I found an entertaining article about prayer at, of all places, Slate.com today. You’ll get an instant sense of the piece when you read the headline:
The author got off to a very bad start when she wrote,
Do Christians think praying can help a dead person get into heaven?
Not exactly. All Christians believe that only God can determine whether a person belongs in heaven or in hell.
BZZZZZZZ! The only belief I’ve ever found Christians agreeing about is that their god exists.* Some Christians hold the traditional Heaven-As-Bliss and Hell-As-Torment beliefs with which we’re familiar. Some Christians don’t believe in hell at all, although they hold out hope that, by hook or by crook, or god’s grace, they’ll end up in heaven. Other Christians believe that everyone will go to heaven. Other Christians believe that hell is a state of annihilation rather than a place. Given these varied beliefs about hell (and I’ve probably missed some), it’s silly to state that “all” Christians believe anything about it.
The author digs herself a deeper hole with this bit:
Entreaties on behalf of the deceased can’t sway God from what’s right, but post-mortem praying does have other uses. For one, Catholics, who unlike Protestants believe in purgatory, think prayer helps speed the transition from this celestial waiting room to heaven.* Furthermore, Christian doctrine teaches that all human beings, living and dead, are so closely connected that we can be described as “one body.” (Catholics refer to this idea as the “Communion of the Saints.” Protestant churches also subscribe to this concept, though in slightly varied form.) Under that logic, when a Christian prays for someone who has died, he is also praying for himself. He therefore brings himself closer to God and closer to salvation.
Apparently, if one is fortunate enough to be a dead Catholic, one’s sentence in purgatory can be reduced – not on account of one’s own good behavior – but because of the good behavior of the super-prayers whom one left behind. If one is unfortunate enough to be a dead Protestant, however, then it seems that one must serve one’s full purgatorial term before proceeding to Paradise. What I find hilarious, however, is the blunt statement that the real reason people pray for others is that they expect to derive some benefit from it for themselves – their own salvation.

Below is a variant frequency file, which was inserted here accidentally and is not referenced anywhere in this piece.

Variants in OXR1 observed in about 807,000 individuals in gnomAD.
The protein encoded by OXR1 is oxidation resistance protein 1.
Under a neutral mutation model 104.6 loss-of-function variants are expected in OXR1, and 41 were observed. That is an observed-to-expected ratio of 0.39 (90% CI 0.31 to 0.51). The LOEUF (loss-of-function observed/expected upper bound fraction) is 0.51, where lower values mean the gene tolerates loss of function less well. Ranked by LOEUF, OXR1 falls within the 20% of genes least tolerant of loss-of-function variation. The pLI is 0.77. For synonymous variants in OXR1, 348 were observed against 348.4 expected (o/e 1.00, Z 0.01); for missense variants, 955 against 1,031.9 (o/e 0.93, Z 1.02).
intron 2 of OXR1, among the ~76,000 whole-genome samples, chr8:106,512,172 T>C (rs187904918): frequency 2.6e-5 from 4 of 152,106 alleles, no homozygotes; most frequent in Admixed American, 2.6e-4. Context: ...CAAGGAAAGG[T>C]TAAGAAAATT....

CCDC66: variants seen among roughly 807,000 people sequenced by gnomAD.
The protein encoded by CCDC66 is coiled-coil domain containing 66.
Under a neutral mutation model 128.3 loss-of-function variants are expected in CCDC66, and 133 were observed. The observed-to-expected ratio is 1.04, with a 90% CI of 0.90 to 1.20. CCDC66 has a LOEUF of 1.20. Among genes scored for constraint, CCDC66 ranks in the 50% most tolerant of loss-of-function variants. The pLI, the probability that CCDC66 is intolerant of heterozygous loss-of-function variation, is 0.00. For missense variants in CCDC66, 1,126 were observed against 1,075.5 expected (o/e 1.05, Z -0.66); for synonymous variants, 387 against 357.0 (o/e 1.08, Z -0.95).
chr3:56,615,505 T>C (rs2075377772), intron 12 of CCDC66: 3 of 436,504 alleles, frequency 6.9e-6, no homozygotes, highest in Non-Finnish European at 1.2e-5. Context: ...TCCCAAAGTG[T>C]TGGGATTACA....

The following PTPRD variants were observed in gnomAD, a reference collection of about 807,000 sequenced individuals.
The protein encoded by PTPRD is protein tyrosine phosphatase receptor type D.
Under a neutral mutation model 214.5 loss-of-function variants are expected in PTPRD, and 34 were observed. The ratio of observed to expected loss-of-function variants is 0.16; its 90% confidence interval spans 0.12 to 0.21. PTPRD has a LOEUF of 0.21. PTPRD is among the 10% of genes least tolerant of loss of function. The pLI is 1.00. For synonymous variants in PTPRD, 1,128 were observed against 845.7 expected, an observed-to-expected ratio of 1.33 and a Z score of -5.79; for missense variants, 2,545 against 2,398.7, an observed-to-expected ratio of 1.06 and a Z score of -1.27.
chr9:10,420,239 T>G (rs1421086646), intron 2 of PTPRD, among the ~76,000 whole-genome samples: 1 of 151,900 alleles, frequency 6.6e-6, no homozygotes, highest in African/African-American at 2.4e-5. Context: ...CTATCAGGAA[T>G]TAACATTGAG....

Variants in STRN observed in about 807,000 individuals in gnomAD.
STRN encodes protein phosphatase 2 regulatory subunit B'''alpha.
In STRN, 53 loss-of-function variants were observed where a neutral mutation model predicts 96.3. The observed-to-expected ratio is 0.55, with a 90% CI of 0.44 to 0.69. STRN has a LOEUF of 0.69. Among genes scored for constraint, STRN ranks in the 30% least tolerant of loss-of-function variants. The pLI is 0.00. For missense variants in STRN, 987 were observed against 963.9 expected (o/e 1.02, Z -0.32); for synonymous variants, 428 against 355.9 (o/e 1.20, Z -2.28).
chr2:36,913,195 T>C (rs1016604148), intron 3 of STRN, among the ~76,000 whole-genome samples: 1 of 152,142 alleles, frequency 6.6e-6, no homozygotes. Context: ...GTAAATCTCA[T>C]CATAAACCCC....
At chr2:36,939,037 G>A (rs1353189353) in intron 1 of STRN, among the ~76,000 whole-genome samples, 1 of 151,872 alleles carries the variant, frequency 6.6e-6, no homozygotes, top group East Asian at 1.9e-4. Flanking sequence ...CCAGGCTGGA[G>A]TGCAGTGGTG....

How do Christians know whether a dearly beloved departed soul actually requires their prayers? How do they know whether Aunt Gladys is stuck in Purgatory for a period of time, or was whisked straight through the Pearly Gates of the Heavenly City? It seems like it would be a waste of time to pray for the soul of someone who has already arrived at the ultimate destination. That time would be better spent praying for those who need it – the poor sods stuck in Purgatory. If only one could know for sure who they are. Of course, if the real aim of prayers for the dead is to secure one’s own room in Heaven’s Hilton Hotel, then all of these prayers may be equally useful.
After assuring her readers that the prayers of all believers carry equal weight with god, the author warns that “even a selfless, saintly pope can’t persuade God to let a sinner out of hell.” Well, god damn. That sucks. Unless…if the Universalists are right, no one has anything to worry about.
The author continues digging her hole (she must have dug nearly to China by now) by adding Mormon beliefs to the mix:
Mormons teach that prayer can’t move God to change his mind about a dead person, but they endorse one very controversial post-mortem tactic. Living Mormons who have already been baptized can undergo the procedure again on behalf of someone who was not baptized into the Mormon religion during his lifetime. This practice does not automatically get a person into paradise, but it’s considered a prerequisite.
Prayer – which, it must be admitted, is a pretty passive activity – doesn’t prompt god to change his mind. But, voluntarily undergoing the rigors of surrogate baptism – a more active activity than prayer – may persuade him to release a sinner from Hell and, a bonus for god, perhaps piss off Satan too. Is there a limit to the number of surrogate baptisms one can undergo? Perhaps someone who desperately needs a job right now can consider becoming a professional baptism surrogate. It may be a good enough gig to tie one over until the economy improves.
Seemingly having nowhere else to go from this point, the author concludes her piece with a reference to some scientific prayer studies. Well, she mentions several, but only discusses one:
Christians, of course, don’t limit their prayers to the deceased—they also pray for the sick, and several recent studies have tested whether this practice contributes to recovery. The answer appears to be no. As part of a study published in the American Heart Journal in 2006, researchers asked Christian congregations to pray for two groups of cardiac patients—the first group knew the Christians were praying on their behalf, and the second thought they might be. As a control, researchers told a third group that Christians might pray for them, but the Christians did not do so. Mortality rates were comparable across the three groups, but the unprayed-for group experienced the fewest complications.
These studies have been the subject of much debate around the Internet. If anyone wants to plunge into those waters again, be my guest. I haven’t read any of the studies myself, so I can’t comment on their methodologies or conclusions. To be honest, though, I’m not particularly interested in them anyway; discussing the purported effects of prayers offered to deities whose existence has yet to be determined is as pointless as, well, praying.